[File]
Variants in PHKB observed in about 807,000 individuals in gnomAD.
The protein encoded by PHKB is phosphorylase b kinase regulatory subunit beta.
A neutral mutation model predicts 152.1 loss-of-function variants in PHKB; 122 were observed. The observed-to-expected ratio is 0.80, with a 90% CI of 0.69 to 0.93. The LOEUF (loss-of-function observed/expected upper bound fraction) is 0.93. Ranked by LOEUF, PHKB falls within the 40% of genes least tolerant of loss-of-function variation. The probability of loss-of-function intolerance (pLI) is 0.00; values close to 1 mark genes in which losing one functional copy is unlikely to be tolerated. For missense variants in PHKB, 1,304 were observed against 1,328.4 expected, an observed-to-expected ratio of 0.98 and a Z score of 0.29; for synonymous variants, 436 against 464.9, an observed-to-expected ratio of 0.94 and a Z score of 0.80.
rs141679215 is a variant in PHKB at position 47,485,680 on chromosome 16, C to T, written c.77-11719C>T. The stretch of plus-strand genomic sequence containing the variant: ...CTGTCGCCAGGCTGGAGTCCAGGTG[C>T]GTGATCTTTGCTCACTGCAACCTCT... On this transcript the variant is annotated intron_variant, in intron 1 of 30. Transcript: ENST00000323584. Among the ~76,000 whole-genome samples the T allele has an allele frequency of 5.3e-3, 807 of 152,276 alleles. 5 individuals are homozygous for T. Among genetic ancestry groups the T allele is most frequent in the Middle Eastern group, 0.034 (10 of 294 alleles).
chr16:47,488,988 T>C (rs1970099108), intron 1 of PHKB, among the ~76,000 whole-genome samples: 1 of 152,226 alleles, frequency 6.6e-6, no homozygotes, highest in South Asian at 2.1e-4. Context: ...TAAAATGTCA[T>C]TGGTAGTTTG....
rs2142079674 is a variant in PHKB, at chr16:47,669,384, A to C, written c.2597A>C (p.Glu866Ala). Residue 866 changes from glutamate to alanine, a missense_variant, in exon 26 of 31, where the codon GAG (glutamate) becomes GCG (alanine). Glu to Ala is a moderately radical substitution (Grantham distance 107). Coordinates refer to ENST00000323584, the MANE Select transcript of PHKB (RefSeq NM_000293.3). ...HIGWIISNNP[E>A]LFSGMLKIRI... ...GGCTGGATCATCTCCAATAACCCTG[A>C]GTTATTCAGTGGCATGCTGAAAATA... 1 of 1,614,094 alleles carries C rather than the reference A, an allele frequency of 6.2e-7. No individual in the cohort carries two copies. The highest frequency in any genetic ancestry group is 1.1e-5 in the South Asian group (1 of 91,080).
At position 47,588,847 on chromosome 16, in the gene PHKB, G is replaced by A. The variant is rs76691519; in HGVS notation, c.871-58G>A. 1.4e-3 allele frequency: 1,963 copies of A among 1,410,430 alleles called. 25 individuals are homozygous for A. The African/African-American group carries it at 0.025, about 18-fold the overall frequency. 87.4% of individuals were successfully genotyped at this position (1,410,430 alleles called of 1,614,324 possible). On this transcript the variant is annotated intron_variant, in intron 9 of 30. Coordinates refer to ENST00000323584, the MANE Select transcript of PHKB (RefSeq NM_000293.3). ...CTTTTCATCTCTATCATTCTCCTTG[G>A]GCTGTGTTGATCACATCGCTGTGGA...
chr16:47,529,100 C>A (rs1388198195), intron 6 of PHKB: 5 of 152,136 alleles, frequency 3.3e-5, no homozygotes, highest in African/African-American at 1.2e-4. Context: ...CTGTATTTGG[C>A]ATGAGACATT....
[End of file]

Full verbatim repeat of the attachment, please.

Variants in PHKB observed in about 807,000 individuals in gnomAD.
The protein encoded by PHKB is phosphorylase b kinase regulatory subunit beta.
A neutral mutation model predicts 152.1 loss-of-function variants in PHKB; 122 were observed. The observed-to-expected ratio is 0.80, with a 90% CI of 0.69 to 0.93. The LOEUF (loss-of-function observed/expected upper bound fraction) is 0.93. Ranked by LOEUF, PHKB falls within the 40% of genes least tolerant of loss-of-function variation. The probability of loss-of-function intolerance (pLI) is 0.00; values close to 1 mark genes in which losing one functional copy is unlikely to be tolerated. For missense variants in PHKB, 1,304 were observed against 1,328.4 expected, an observed-to-expected ratio of 0.98 and a Z score of 0.29; for synonymous variants, 436 against 464.9, an observed-to-expected ratio of 0.94 and a Z score of 0.80.
rs141679215 is a variant in PHKB at position 47,485,680 on chromosome 16, C to T, written c.77-11719C>T. The stretch of plus-strand genomic sequence containing the variant: ...CTGTCGCCAGGCTGGAGTCCAGGTG[C>T]GTGATCTTTGCTCACTGCAACCTCT... On this transcript the variant is annotated intron_variant, in intron 1 of 30. Transcript: ENST00000323584. Among the ~76,000 whole-genome samples the T allele has an allele frequency of 5.3e-3, 807 of 152,276 alleles. 5 individuals are homozygous for T. Among genetic ancestry groups the T allele is most frequent in the Middle Eastern group, 0.034 (10 of 294 alleles).
chr16:47,488,988 T>C (rs1970099108), intron 1 of PHKB, among the ~76,000 whole-genome samples: 1 of 152,226 alleles, frequency 6.6e-6, no homozygotes, highest in South Asian at 2.1e-4. Context: ...TAAAATGTCA[T>C]TGGTAGTTTG....
rs2142079674 is a variant in PHKB, at chr16:47,669,384, A to C, written c.2597A>C (p.Glu866Ala). Residue 866 changes from glutamate to alanine, a missense_variant, in exon 26 of 31, where the codon GAG (glutamate) becomes GCG (alanine). Glu to Ala is a moderately radical substitution (Grantham distance 107). Coordinates refer to ENST00000323584, the MANE Select transcript of PHKB (RefSeq NM_000293.3). ...HIGWIISNNP[E>A]LFSGMLKIRI... ...GGCTGGATCATCTCCAATAACCCTG[A>C]GTTATTCAGTGGCATGCTGAAAATA... 1 of 1,614,094 alleles carries C rather than the reference A, an allele frequency of 6.2e-7. No individual in the cohort carries two copies. The highest frequency in any genetic ancestry group is 1.1e-5 in the South Asian group (1 of 91,080).
At position 47,588,847 on chromosome 16, in the gene PHKB, G is replaced by A. The variant is rs76691519; in HGVS notation, c.871-58G>A. 1.4e-3 allele frequency: 1,963 copies of A among 1,410,430 alleles called. 25 individuals are homozygous for A. The African/African-American group carries it at 0.025, about 18-fold the overall frequency. 87.4% of individuals were successfully genotyped at this position (1,410,430 alleles called of 1,614,324 possible). On this transcript the variant is annotated intron_variant, in intron 9 of 30. Coordinates refer to ENST00000323584, the MANE Select transcript of PHKB (RefSeq NM_000293.3). ...CTTTTCATCTCTATCATTCTCCTTG[G>A]GCTGTGTTGATCACATCGCTGTGGA...
chr16:47,529,100 C>A (rs1388198195), intron 6 of PHKB: 5 of 152,136 alleles, frequency 3.3e-5, no homozygotes, highest in African/African-American at 1.2e-4. Context: ...CTGTATTTGG[C>A]ATGAGACATT....